Against SuperMax

Some prisoners act out so violently against other prisoners and guards that the need to be isolated. And there need to be punishments for offenses committed in prison.

That said, there certainly aren’t 25,000 people who need to be isolated for prolonged periods. But that’s the current estimated population of “SuperMax” prisons and prison wings in the United States. (That doesn’t count the larger population isolated in “Segregated Housing Unites” – SHUs – otherwise known as “The Hole.”)

And even when long-term isolation is necessary, it doesn’t have to look like a SuperMax, which inflicts torture via sensory deprivation. No one – no one – should be subjected to such treatment.

I have no idea of the legal merits of the legal case against the Federal SuperMax at Florence, CO: the lawless law-n-order faction in Congress has made prisoners’-rights litigation almost impossible to win. But here’s hoping that Judge Matsch figures out a way to shut it down.

Comments

  1. O. B. Server says

    re: “And even when long-term isolation is necessary, it doesn’t have to look like a SuperMax, which inflicts torture via sensory deprivation. No one – no one – should be subjected to such treatment.”

    If people were reminded of the facts of US prison torture, excessive prison populations, prison slavery (UNICOR, 13th Amendment slavery loophole for “crime”, etc), for-profit prisons … if people were reminded of these things the same way they have the “drugs/pot cause crime” theme catapulted onto them, people would be outraged. The prison torture and slavery is done in their name, on their dime. If I didn’t know better, I’d say that such torture/slavery prisons were designed to make people more likely to commit crime on release – thereby insuring a bountifully fresh crop of new criminals, who, will need more prisons. A godsend to ‘get-tough’ politicians and the police state.

    • says

      I’m sort of pessimistic on this. I tend to fear that far too many people – certainly Americans – have a far too easy, unexamined relationship with retribution. Casually, you often hear ordinarily intelligent, compassionate people advocate absurdly cruel and unusual punishments for criminals.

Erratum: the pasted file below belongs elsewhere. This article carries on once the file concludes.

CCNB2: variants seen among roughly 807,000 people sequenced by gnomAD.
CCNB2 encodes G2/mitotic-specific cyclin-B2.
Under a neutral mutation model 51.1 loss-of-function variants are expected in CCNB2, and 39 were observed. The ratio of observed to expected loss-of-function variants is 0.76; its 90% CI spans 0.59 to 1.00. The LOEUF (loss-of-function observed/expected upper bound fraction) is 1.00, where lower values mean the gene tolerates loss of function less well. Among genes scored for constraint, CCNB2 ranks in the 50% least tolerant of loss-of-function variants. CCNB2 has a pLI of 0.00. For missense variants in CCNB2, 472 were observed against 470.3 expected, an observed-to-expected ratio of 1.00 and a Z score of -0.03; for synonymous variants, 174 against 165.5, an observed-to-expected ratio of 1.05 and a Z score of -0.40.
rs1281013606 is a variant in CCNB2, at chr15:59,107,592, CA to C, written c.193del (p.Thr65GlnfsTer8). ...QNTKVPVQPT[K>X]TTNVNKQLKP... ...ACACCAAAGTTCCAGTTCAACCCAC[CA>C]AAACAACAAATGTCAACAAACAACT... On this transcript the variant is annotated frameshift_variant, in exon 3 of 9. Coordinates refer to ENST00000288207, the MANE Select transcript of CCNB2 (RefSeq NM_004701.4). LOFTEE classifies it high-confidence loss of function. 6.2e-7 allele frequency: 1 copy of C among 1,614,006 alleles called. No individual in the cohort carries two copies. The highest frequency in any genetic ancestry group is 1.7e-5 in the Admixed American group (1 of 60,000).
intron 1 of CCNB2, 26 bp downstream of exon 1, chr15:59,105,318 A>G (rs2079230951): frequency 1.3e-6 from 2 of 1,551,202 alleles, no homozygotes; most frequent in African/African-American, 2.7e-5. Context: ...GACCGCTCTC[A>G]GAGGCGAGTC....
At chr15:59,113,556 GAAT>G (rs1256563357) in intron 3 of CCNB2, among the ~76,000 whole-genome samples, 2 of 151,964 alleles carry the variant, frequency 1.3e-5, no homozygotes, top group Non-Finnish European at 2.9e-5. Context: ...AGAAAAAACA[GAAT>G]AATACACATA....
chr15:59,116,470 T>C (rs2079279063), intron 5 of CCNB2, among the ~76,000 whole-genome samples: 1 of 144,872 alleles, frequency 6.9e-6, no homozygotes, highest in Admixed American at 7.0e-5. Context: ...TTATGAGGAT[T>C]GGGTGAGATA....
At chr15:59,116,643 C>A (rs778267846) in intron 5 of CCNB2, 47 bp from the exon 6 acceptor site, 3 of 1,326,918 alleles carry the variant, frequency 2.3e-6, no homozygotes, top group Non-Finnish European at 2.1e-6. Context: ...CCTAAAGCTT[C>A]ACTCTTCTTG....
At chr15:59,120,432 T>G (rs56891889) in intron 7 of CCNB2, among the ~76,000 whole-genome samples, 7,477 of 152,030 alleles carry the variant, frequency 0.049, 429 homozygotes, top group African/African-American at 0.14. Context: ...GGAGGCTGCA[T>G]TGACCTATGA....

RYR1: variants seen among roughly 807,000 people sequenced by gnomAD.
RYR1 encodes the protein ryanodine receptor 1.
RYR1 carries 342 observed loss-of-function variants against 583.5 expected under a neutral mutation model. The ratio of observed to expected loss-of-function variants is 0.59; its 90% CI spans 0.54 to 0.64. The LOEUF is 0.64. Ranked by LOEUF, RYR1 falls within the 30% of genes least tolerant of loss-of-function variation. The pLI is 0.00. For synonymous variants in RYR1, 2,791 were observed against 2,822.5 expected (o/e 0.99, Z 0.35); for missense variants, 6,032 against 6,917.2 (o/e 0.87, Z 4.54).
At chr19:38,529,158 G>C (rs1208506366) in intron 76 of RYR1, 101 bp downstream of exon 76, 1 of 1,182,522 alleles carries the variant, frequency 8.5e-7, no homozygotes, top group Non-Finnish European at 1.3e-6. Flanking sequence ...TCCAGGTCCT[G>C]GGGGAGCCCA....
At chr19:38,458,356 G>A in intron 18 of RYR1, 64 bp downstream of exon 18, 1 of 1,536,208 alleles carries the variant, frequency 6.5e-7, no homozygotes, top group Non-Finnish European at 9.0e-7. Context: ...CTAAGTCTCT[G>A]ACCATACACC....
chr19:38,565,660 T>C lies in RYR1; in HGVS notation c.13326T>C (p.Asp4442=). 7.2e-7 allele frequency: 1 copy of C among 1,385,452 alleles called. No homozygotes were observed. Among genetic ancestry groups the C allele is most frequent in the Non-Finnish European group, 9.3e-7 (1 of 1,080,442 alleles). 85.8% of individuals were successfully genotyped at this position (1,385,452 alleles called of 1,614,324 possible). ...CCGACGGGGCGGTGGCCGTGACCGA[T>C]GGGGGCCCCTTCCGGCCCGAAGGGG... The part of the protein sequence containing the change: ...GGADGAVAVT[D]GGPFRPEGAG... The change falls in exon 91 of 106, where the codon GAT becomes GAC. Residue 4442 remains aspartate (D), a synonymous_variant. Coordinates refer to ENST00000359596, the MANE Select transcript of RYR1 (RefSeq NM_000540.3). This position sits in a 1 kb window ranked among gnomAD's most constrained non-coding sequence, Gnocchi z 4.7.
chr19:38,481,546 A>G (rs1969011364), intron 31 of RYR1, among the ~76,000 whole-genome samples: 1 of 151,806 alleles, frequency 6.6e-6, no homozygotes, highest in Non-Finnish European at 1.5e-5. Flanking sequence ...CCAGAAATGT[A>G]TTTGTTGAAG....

• tacitus says

        Until they or a loved one gets caught up in the criminal justice system… then it’s amazing how fast they change their tune.

        • nypaul says

          two exclamation points coming your way, tacitus.

          “Until they or a loved one gets caught up in the criminal justice system… then it’s amazing how fast they change their tune.”

  2. says

    All too often, prison security measures are transmuted into methods to coerce prisoners. See the case of Susan McDougal. From Wikipedia: “From September 9, 1996 until March 6, 1998, McDougal spent the maximum possible 18 months imprisonment for civil contempt, including 8 months in solitary confinement, and was subjected to ‘diesel therapy. (the practice of hauling defendants around the country and placing them in different jails along the way). In her case, Susan was shuffled from Arkansas to ‘Los Angeles to the Oklahoma City transfer center, and then on to the Pulaski County Jail in Little Rock, Arkansas.’”

  3. burnspbesq says

    The District Court will almost certainly grant the Government’s motion to dismiss. Neither an appeal to the Tenth Circuit nor a petition for cert to the Supreme Court is likely to get anywhere. Congress has well and truly stacked the deck against these plaintiffs, and that’s not likely to change any time soon.

    What could lead to change? Hell if I know.

  4. Colin says

    It’s bad enough when solitary is used as a temporary punishment. But I can think of few more horrifying punishments than permanent solitary confinement – there are people who have been kept for *decades* in this condition. All alone in your little cell with no prospect of doing anything to improve your life ever again, the only change coming from the slow march of ageing. It makes the death penalty seem humane by comparison.

    • Colin says

      There’s also the general problem of severe punishments being dished out with no judicial oversight. There seems to be little to stop prison governors from running their shops with the arbitrariness of a mad emperor.